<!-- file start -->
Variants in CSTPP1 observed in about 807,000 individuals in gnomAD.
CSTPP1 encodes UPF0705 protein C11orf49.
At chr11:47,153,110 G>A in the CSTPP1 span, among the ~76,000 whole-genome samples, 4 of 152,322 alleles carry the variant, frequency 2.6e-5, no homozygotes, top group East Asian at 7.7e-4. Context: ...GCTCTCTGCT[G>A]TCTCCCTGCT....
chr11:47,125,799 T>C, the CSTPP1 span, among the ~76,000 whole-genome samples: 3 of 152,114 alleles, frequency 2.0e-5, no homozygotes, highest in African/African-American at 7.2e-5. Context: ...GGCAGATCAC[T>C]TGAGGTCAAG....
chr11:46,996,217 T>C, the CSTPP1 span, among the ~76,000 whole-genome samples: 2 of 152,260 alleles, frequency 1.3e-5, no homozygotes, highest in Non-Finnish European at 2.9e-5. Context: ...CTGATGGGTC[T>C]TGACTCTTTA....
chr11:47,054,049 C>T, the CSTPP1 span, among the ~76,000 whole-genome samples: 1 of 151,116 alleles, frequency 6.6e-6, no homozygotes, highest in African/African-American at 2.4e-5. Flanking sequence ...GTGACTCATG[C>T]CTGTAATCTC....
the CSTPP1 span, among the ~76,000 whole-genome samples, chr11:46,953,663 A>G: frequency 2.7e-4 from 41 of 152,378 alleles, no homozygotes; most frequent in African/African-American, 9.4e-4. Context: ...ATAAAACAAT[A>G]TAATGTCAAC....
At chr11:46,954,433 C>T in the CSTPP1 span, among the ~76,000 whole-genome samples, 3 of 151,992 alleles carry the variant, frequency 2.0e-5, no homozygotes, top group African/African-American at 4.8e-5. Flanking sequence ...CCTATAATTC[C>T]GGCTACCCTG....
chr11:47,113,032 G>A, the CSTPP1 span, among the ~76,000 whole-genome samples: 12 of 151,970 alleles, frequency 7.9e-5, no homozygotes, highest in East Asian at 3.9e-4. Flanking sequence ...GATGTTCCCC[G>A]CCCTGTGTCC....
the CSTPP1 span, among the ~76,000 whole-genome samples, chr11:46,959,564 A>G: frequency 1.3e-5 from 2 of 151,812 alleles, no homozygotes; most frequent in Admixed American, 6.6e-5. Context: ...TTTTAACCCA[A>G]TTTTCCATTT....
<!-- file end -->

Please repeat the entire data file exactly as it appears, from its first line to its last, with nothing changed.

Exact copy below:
Variants in CSTPP1 observed in about 807,000 individuals in gnomAD.
CSTPP1 encodes UPF0705 protein C11orf49.
At chr11:47,153,110 G>A in the CSTPP1 span, among the ~76,000 whole-genome samples, 4 of 152,322 alleles carry the variant, frequency 2.6e-5, no homozygotes, top group East Asian at 7.7e-4. Context: ...GCTCTCTGCT[G>A]TCTCCCTGCT....
chr11:47,125,799 T>C, the CSTPP1 span, among the ~76,000 whole-genome samples: 3 of 152,114 alleles, frequency 2.0e-5, no homozygotes, highest in African/African-American at 7.2e-5. Context: ...GGCAGATCAC[T>C]TGAGGTCAAG....
chr11:46,996,217 T>C, the CSTPP1 span, among the ~76,000 whole-genome samples: 2 of 152,260 alleles, frequency 1.3e-5, no homozygotes, highest in Non-Finnish European at 2.9e-5. Context: ...CTGATGGGTC[T>C]TGACTCTTTA....
chr11:47,054,049 C>T, the CSTPP1 span, among the ~76,000 whole-genome samples: 1 of 151,116 alleles, frequency 6.6e-6, no homozygotes, highest in African/African-American at 2.4e-5. Flanking sequence ...GTGACTCATG[C>T]CTGTAATCTC....
the CSTPP1 span, among the ~76,000 whole-genome samples, chr11:46,953,663 A>G: frequency 2.7e-4 from 41 of 152,378 alleles, no homozygotes; most frequent in African/African-American, 9.4e-4. Context: ...ATAAAACAAT[A>G]TAATGTCAAC....
At chr11:46,954,433 C>T in the CSTPP1 span, among the ~76,000 whole-genome samples, 3 of 151,992 alleles carry the variant, frequency 2.0e-5, no homozygotes, top group African/African-American at 4.8e-5. Flanking sequence ...CCTATAATTC[C>T]GGCTACCCTG....
chr11:47,113,032 G>A, the CSTPP1 span, among the ~76,000 whole-genome samples: 12 of 151,970 alleles, frequency 7.9e-5, no homozygotes, highest in East Asian at 3.9e-4. Flanking sequence ...GATGTTCCCC[G>A]CCCTGTGTCC....
the CSTPP1 span, among the ~76,000 whole-genome samples, chr11:46,959,564 A>G: frequency 1.3e-5 from 2 of 151,812 alleles, no homozygotes; most frequent in Admixed American, 6.6e-5. Context: ...TTTTAACCCA[A>G]TTTTCCATTT....